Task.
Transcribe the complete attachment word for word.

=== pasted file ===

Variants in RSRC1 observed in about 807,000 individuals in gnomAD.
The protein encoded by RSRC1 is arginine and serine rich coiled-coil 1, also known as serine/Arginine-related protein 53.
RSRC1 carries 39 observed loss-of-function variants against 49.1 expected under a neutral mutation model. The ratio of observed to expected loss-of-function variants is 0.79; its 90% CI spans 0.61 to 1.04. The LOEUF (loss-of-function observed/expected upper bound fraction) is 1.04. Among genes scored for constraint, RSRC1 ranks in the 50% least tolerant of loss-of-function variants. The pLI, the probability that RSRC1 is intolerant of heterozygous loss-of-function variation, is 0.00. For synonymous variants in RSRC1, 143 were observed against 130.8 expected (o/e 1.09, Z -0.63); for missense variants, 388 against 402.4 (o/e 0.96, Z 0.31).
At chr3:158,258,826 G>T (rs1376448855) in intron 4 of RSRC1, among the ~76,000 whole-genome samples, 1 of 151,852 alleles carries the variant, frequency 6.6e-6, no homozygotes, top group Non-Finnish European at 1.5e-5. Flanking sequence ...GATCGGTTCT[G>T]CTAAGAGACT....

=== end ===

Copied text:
Variants in RSRC1 observed in about 807,000 individuals in gnomAD.
The protein encoded by RSRC1 is arginine and serine rich coiled-coil 1, also known as serine/Arginine-related protein 53.
RSRC1 carries 39 observed loss-of-function variants against 49.1 expected under a neutral mutation model. The ratio of observed to expected loss-of-function variants is 0.79; its 90% CI spans 0.61 to 1.04. The LOEUF (loss-of-function observed/expected upper bound fraction) is 1.04. Among genes scored for constraint, RSRC1 ranks in the 50% least tolerant of loss-of-function variants. The pLI, the probability that RSRC1 is intolerant of heterozygous loss-of-function variation, is 0.00. For synonymous variants in RSRC1, 143 were observed against 130.8 expected (o/e 1.09, Z -0.63); for missense variants, 388 against 402.4 (o/e 0.96, Z 0.31).
At chr3:158,258,826 G>T (rs1376448855) in intron 4 of RSRC1, among the ~76,000 whole-genome samples, 1 of 151,852 alleles carries the variant, frequency 6.6e-6, no homozygotes, top group Non-Finnish European at 1.5e-5. Flanking sequence ...GATCGGTTCT[G>T]CTAAGAGACT....